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Author Topic: Potty Training Question
dawnmaria
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What kind of seat do you recommend? I never knew there were so many! I don't know whether to go with one that is fun and plays music etc. because it may also be distracting or one that's just plain and functional but that might be boring and not interest her. Leslie is 18 months old. I really didn't even plan to try until she was 2 but now she's telling me "diaper" sometimes when she's dirty and she's fascinated with coming in the bathroom with me. Yesterday she even wanted to wipe herself when I changed her so I think it's time to try. I just would appreciate some opinions on good seats so I get it right the 1st time! Thanks!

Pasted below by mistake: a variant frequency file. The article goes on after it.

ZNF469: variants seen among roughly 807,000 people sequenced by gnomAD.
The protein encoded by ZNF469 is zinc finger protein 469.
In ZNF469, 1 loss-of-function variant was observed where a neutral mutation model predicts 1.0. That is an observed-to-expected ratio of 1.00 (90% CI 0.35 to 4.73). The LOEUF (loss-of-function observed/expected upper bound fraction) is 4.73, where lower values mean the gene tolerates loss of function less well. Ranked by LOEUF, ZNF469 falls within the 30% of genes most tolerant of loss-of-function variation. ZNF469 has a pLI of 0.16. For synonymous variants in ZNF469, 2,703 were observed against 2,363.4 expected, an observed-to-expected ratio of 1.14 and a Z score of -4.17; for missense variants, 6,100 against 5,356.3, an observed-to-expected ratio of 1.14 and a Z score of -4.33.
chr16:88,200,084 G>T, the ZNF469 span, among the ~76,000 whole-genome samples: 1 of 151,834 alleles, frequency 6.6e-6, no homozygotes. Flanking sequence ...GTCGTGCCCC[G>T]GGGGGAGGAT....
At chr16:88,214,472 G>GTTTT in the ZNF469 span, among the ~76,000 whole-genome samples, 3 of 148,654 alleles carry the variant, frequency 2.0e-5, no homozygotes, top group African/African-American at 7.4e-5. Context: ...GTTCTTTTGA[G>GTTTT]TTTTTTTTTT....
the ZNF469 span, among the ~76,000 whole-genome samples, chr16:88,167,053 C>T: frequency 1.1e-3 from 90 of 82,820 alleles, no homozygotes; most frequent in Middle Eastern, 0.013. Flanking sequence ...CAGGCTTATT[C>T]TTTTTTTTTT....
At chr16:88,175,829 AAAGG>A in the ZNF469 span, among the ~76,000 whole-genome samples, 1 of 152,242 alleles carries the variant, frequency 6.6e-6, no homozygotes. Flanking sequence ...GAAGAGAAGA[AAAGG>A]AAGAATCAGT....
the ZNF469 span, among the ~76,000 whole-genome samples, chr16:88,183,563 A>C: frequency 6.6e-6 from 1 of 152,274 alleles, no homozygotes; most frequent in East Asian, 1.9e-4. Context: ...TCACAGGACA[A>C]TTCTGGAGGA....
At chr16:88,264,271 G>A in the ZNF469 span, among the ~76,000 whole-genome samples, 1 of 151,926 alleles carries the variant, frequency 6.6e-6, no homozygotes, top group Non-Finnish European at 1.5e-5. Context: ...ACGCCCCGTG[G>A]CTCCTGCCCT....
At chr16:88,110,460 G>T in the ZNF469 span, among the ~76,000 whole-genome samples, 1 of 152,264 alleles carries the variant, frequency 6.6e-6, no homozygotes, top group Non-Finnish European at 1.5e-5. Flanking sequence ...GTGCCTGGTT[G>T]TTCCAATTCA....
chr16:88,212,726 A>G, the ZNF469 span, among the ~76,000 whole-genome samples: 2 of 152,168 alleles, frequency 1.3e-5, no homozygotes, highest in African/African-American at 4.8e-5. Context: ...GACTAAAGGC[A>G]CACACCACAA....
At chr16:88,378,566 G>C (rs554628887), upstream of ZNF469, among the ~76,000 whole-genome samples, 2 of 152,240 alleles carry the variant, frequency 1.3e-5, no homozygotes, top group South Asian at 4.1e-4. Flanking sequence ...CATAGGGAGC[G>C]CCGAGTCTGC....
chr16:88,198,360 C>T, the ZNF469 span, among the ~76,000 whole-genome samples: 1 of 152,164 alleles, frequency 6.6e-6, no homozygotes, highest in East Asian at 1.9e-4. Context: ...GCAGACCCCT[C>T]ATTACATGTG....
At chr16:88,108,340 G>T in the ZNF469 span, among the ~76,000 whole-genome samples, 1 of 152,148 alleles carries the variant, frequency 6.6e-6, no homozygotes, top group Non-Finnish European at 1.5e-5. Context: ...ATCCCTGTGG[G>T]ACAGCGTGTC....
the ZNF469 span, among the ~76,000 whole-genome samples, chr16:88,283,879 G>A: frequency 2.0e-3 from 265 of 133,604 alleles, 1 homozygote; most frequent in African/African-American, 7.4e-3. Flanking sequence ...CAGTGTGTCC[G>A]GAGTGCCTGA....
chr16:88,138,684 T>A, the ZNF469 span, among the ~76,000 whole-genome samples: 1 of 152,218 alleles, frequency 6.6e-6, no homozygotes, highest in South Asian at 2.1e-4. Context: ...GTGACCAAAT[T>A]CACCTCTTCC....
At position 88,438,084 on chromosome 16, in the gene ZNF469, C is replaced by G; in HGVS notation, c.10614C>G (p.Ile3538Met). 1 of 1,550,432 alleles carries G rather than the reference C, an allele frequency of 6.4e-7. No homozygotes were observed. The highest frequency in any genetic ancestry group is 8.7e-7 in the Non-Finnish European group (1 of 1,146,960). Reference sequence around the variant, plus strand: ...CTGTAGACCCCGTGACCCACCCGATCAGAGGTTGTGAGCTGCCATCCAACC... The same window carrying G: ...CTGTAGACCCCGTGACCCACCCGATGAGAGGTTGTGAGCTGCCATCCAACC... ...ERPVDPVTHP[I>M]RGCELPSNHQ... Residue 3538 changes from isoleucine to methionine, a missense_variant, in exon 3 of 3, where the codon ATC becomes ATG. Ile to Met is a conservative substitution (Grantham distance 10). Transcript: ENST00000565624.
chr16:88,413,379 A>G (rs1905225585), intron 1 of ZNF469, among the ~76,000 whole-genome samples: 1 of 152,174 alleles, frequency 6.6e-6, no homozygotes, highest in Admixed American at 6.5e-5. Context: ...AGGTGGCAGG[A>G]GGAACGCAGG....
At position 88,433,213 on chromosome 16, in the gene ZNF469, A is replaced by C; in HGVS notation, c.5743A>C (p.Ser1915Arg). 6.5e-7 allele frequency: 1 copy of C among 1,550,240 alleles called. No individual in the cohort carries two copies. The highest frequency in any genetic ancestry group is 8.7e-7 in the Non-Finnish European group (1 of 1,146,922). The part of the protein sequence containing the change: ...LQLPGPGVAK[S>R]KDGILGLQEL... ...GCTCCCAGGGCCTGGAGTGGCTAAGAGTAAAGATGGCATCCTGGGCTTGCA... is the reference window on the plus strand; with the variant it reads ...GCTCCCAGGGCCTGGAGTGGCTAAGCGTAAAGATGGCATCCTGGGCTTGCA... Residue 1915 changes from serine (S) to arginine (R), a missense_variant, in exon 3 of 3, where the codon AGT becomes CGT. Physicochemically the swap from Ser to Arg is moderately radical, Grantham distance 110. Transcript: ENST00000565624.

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lem
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I have the same question. My son is 21 months. His words are still unintelligible. He can say bubbles, dada, mom, and a few other simple words. He can't say diaper, but he has been throwing away his dirty diaper since he could walk.

I have no idea how to start potty training. I guess he is ready.

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Space Opera
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lem, your son may or may not be ready - many people believe that boys tend to do potty-learning later than girls. Boy Opera wasn't trained till he was closer to 3, but once he was we had a dry bed every single night, vs. Operaetta who trained at about 22 months but had to wear pull-ups for quite awhile afterwards.